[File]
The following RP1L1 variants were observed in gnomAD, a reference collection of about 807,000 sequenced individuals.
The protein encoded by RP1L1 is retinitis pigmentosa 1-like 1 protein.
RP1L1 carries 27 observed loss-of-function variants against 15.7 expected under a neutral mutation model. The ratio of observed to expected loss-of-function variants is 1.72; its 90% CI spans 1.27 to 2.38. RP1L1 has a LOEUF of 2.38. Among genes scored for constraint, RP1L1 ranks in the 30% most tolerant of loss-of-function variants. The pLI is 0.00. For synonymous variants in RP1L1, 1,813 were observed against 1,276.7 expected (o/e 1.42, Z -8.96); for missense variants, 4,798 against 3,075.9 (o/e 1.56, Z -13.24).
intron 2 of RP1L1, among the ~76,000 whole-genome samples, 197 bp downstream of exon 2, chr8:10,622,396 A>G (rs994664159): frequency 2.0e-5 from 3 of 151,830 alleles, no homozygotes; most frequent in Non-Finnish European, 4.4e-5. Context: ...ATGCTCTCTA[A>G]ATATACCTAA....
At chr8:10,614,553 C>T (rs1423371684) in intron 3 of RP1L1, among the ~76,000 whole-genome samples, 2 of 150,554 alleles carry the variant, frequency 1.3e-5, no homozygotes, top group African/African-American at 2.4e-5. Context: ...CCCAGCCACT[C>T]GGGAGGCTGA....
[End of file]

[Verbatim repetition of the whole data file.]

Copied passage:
The following RP1L1 variants were observed in gnomAD, a reference collection of about 807,000 sequenced individuals.
The protein encoded by RP1L1 is retinitis pigmentosa 1-like 1 protein.
RP1L1 carries 27 observed loss-of-function variants against 15.7 expected under a neutral mutation model. The ratio of observed to expected loss-of-function variants is 1.72; its 90% CI spans 1.27 to 2.38. RP1L1 has a LOEUF of 2.38. Among genes scored for constraint, RP1L1 ranks in the 30% most tolerant of loss-of-function variants. The pLI is 0.00. For synonymous variants in RP1L1, 1,813 were observed against 1,276.7 expected (o/e 1.42, Z -8.96); for missense variants, 4,798 against 3,075.9 (o/e 1.56, Z -13.24).
intron 2 of RP1L1, among the ~76,000 whole-genome samples, 197 bp downstream of exon 2, chr8:10,622,396 A>G (rs994664159): frequency 2.0e-5 from 3 of 151,830 alleles, no homozygotes; most frequent in Non-Finnish European, 4.4e-5. Context: ...ATGCTCTCTA[A>G]ATATACCTAA....
At chr8:10,614,553 C>T (rs1423371684) in intron 3 of RP1L1, among the ~76,000 whole-genome samples, 2 of 150,554 alleles carry the variant, frequency 1.3e-5, no homozygotes, top group African/African-American at 2.4e-5. Context: ...CCCAGCCACT[C>T]GGGAGGCTGA....